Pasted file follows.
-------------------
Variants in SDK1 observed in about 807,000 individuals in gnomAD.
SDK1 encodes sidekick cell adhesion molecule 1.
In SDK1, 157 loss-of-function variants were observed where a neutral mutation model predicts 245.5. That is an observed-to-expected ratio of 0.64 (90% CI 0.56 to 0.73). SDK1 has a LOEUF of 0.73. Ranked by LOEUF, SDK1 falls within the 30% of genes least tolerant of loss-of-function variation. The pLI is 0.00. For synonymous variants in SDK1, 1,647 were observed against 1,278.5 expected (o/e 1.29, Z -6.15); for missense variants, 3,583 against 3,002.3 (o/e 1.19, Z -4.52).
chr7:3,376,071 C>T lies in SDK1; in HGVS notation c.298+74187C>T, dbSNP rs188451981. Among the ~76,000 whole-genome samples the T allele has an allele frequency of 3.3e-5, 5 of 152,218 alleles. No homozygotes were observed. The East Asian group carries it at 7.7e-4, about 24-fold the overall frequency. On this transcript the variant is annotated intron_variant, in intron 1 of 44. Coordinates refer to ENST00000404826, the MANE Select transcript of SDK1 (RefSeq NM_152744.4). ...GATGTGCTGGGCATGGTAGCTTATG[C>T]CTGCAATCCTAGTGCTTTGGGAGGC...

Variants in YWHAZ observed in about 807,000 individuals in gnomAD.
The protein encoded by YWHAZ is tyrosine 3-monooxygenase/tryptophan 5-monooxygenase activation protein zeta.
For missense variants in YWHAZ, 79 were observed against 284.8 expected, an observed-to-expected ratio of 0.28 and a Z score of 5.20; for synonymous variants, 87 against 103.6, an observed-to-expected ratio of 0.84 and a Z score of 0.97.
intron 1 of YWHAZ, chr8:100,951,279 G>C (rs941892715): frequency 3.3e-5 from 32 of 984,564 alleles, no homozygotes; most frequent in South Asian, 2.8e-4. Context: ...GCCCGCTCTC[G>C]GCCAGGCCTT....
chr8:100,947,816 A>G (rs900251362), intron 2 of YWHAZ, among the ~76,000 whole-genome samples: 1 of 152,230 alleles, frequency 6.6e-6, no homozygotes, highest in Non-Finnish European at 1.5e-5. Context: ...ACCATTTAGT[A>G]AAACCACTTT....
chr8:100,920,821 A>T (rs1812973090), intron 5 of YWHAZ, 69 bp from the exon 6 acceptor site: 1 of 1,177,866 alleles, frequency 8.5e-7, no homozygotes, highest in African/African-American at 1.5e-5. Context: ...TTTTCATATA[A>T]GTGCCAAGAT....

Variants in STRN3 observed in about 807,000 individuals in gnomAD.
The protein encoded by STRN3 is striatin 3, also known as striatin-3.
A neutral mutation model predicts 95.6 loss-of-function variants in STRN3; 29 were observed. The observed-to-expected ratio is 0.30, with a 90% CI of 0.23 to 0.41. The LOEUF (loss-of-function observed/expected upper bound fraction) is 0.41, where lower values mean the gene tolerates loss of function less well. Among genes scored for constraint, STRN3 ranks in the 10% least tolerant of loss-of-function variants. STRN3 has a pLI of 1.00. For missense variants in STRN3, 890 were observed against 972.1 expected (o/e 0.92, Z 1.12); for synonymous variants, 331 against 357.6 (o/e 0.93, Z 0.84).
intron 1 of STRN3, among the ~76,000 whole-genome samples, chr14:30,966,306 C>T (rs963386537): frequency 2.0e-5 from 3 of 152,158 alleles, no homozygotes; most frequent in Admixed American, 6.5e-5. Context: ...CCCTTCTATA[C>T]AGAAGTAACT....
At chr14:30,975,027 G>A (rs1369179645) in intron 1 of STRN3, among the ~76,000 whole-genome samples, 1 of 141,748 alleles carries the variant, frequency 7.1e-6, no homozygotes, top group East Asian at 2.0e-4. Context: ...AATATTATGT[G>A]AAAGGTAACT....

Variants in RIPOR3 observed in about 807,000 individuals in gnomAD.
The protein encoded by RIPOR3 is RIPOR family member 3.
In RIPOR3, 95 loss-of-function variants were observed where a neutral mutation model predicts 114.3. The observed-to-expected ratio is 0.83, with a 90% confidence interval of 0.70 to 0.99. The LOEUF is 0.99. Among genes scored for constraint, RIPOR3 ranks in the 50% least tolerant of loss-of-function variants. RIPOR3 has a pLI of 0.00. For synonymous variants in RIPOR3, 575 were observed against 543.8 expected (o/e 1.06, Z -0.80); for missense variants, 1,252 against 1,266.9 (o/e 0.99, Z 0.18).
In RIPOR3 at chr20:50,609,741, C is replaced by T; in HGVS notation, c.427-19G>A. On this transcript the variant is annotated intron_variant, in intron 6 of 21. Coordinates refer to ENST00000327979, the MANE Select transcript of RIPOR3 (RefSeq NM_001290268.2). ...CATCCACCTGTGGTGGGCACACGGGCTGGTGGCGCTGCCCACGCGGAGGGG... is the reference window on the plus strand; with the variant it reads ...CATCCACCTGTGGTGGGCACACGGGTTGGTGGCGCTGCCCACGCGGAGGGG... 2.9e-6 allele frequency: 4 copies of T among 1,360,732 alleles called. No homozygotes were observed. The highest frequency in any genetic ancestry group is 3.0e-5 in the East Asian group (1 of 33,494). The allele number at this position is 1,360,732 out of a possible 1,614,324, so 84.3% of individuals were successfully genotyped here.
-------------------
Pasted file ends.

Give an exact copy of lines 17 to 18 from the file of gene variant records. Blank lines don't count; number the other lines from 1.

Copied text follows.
The protein encoded by RIPOR3 is RIPOR family member 3.
In RIPOR3, 95 loss-of-function variants were observed where a neutral mutation model predicts 114.3. The observed-to-expected ratio is 0.83, with a 90% confidence interval of 0.70 to 0.99. The LOEUF is 0.99. Among genes scored for constraint, RIPOR3 ranks in the 50% least tolerant of loss-of-function variants. RIPOR3 has a pLI of 0.00. For synonymous variants in RIPOR3, 575 were observed against 543.8 expected (o/e 1.06, Z -0.80); for missense variants, 1,252 against 1,266.9 (o/e 0.99, Z 0.18).